What can I say? This pasty speaks for itself. It is a standard ‘large’ pasty from Lavender‘s, which measures in at 30cm long. Twice the length of my hand. Look no further for a recession-busting family meal.
I keep reading about the spectacular worth of the Cornish pasty industry but you know for sure that something’s hit the big time when the Economist dedicates an article to it, as it did yesterday. It’s titled ‘The gentrification of the Cornish pasty’ and explores the pasty’s ‘unlikely conquest’.
Course, the very last thing I want when I pass through Waterloo station is a pasty, much as I love them – when I cross the Tamar, my mind is fixated on sushi, noodles, curry…
You can read the full article here and may I remind you while I’m at it of the worth of this droll Redruth-based pasty blog: http://theonlinepastyguide.blogspot.com/ I was shocked to read his damning report on Lavenders’ pasties the other week but I defend to the death his right to… er, analyse pasties.
It’s changed hands a few times in recent years, so it’s hard to know exactly when to get excited about Sandsifter. The fact the old 2009 website is still up doesn’t help. I liked what the last people were doing in terms of club nights (including the Trojan Sound System, which I was sorry to miss), gourmet burgers, serious spirits, cool design etc etc. I don’t know enough to gossip in any depth about what prompted their quick departure but the sands have shifted again and the white box in the towans at Godrevy is under newish management.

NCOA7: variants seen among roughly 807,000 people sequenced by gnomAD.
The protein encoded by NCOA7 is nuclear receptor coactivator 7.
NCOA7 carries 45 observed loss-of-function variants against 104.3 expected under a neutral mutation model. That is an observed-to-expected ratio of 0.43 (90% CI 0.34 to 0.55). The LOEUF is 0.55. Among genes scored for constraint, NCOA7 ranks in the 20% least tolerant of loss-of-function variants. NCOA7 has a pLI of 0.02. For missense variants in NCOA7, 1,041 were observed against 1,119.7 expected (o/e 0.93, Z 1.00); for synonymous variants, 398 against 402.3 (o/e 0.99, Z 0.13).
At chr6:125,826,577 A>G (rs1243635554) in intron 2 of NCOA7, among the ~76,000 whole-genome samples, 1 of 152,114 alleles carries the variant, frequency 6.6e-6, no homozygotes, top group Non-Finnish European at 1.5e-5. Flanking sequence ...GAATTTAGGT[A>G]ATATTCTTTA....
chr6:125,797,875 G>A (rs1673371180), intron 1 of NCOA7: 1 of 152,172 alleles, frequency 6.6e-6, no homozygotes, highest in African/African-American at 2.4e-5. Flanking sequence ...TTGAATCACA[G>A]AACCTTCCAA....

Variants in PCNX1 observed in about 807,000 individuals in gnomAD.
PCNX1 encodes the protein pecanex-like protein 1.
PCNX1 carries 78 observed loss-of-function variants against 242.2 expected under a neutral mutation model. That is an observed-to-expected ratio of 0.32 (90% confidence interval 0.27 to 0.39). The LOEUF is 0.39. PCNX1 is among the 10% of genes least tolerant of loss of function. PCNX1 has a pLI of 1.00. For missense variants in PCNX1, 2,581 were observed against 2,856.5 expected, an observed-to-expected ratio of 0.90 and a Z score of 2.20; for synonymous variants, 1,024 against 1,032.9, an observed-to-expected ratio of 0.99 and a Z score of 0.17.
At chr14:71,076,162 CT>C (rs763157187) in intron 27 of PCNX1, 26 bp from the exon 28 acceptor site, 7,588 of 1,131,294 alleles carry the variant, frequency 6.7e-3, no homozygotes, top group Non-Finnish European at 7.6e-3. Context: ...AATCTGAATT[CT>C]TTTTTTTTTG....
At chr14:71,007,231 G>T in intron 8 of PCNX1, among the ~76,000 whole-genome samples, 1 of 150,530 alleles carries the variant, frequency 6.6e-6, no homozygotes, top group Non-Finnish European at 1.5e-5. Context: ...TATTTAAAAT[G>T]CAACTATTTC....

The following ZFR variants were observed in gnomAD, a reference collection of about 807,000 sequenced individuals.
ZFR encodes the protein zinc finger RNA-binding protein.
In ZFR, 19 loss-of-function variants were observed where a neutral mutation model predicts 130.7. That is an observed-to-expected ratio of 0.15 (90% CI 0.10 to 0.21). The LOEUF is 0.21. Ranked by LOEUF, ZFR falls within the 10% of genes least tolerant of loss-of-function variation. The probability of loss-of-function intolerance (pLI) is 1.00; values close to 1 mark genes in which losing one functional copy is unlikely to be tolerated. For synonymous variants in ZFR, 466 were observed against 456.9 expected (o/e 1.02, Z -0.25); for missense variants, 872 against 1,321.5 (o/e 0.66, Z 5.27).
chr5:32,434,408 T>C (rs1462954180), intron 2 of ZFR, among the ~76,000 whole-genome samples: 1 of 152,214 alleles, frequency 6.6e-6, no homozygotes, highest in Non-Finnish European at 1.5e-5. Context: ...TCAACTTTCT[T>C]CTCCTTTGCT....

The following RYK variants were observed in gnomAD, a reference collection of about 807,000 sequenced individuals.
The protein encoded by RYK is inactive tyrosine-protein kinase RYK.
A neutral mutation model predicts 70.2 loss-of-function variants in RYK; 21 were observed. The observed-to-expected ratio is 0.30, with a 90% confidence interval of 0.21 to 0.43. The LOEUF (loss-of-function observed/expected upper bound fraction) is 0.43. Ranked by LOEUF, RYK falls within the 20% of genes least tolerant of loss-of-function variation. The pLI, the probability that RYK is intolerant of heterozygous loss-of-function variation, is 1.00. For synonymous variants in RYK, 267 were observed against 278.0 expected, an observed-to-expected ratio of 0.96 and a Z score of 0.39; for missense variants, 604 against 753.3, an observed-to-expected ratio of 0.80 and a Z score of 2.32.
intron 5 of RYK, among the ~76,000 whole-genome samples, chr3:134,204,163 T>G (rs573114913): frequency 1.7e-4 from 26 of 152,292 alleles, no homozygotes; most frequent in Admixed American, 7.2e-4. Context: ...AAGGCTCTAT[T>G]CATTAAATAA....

I finally got over there yesterday for a quick drink on the new sea-facing terrace at the back – and it seemed to be a triumph. People were mellowing about reading the Sunday papers, listening to the band, drinking Betty Stogs and gazing out over the dunes in the fading September sun.
So in my post-surgery survey of places in West Cornwall that I can get to with minimum walking and maximum outdoorsy effect, Sandsifter has gone straight in at number one (can’t comment on food yet, only had a hot chocolate).
Plus, the outdoor chairs have GREAT lumbar support (below)! As fellow haters of bench seating will know, this is a rare find indeed.
The name doesn’t lie – the Cabin Café, by the beach at Perranuthnoe, is indeed just a cabin. It’s not, as is fairly common in Cornwall, a case of a restaurant trying to inject some laid-back beach vibes into its name (The Beach Hut at Watergate Bay, say, or the Porthminster Beach Café in St Ives…). This is a common or garden wooden shed with a hatch, and a handful of picnic tables and garden chairs alongside – no pretension, no silly prices, no rain cover.
But against the odds, it just happens to be serving some of Cornwall’s best beach food – and, after years of Read the rest of this entry »
The Guardian made a splash in G2 on the launch day, and the Falmouth Packet also got pretty excited, but it’s been three weeks since it opened and I don’t think anyone’s actually reviewed Rick Stein’s first foray into the Falmouth dining scene. The venue in question is a high-flying fish & chip shop, judiciously placed Read the rest of this entry »